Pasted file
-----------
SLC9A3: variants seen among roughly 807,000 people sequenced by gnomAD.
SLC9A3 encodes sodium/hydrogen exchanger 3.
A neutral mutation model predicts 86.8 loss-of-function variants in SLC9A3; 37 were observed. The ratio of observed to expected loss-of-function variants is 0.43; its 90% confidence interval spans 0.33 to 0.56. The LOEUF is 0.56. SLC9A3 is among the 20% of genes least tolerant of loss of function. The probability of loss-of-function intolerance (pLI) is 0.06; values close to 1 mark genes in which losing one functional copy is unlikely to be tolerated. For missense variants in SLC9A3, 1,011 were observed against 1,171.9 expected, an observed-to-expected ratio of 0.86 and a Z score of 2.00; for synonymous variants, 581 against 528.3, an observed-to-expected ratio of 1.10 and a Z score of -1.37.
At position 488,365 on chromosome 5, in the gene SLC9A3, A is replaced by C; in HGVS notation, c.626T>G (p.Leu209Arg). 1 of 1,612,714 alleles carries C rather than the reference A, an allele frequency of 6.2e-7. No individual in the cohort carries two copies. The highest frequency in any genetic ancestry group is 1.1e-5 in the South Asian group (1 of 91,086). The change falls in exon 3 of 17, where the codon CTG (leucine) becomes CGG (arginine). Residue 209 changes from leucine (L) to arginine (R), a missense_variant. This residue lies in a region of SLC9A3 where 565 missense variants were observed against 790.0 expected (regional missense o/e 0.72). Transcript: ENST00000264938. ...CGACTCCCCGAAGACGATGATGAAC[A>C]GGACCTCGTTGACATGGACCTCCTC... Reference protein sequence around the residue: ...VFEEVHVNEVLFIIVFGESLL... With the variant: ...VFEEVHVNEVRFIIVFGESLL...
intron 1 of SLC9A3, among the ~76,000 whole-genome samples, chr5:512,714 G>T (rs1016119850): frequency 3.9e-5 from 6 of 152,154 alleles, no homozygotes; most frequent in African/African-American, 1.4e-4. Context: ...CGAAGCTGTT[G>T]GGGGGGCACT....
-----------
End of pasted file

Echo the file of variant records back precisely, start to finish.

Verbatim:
SLC9A3: variants seen among roughly 807,000 people sequenced by gnomAD.
SLC9A3 encodes sodium/hydrogen exchanger 3.
A neutral mutation model predicts 86.8 loss-of-function variants in SLC9A3; 37 were observed. The ratio of observed to expected loss-of-function variants is 0.43; its 90% confidence interval spans 0.33 to 0.56. The LOEUF is 0.56. SLC9A3 is among the 20% of genes least tolerant of loss of function. The probability of loss-of-function intolerance (pLI) is 0.06; values close to 1 mark genes in which losing one functional copy is unlikely to be tolerated. For missense variants in SLC9A3, 1,011 were observed against 1,171.9 expected, an observed-to-expected ratio of 0.86 and a Z score of 2.00; for synonymous variants, 581 against 528.3, an observed-to-expected ratio of 1.10 and a Z score of -1.37.
At position 488,365 on chromosome 5, in the gene SLC9A3, A is replaced by C; in HGVS notation, c.626T>G (p.Leu209Arg). 1 of 1,612,714 alleles carries C rather than the reference A, an allele frequency of 6.2e-7. No individual in the cohort carries two copies. The highest frequency in any genetic ancestry group is 1.1e-5 in the South Asian group (1 of 91,086). The change falls in exon 3 of 17, where the codon CTG (leucine) becomes CGG (arginine). Residue 209 changes from leucine (L) to arginine (R), a missense_variant. This residue lies in a region of SLC9A3 where 565 missense variants were observed against 790.0 expected (regional missense o/e 0.72). Transcript: ENST00000264938. ...CGACTCCCCGAAGACGATGATGAAC[A>C]GGACCTCGTTGACATGGACCTCCTC... Reference protein sequence around the residue: ...VFEEVHVNEVLFIIVFGESLL... With the variant: ...VFEEVHVNEVRFIIVFGESLL...
intron 1 of SLC9A3, among the ~76,000 whole-genome samples, chr5:512,714 G>T (rs1016119850): frequency 3.9e-5 from 6 of 152,154 alleles, no homozygotes; most frequent in African/African-American, 1.4e-4. Context: ...CGAAGCTGTT[G>T]GGGGGGCACT....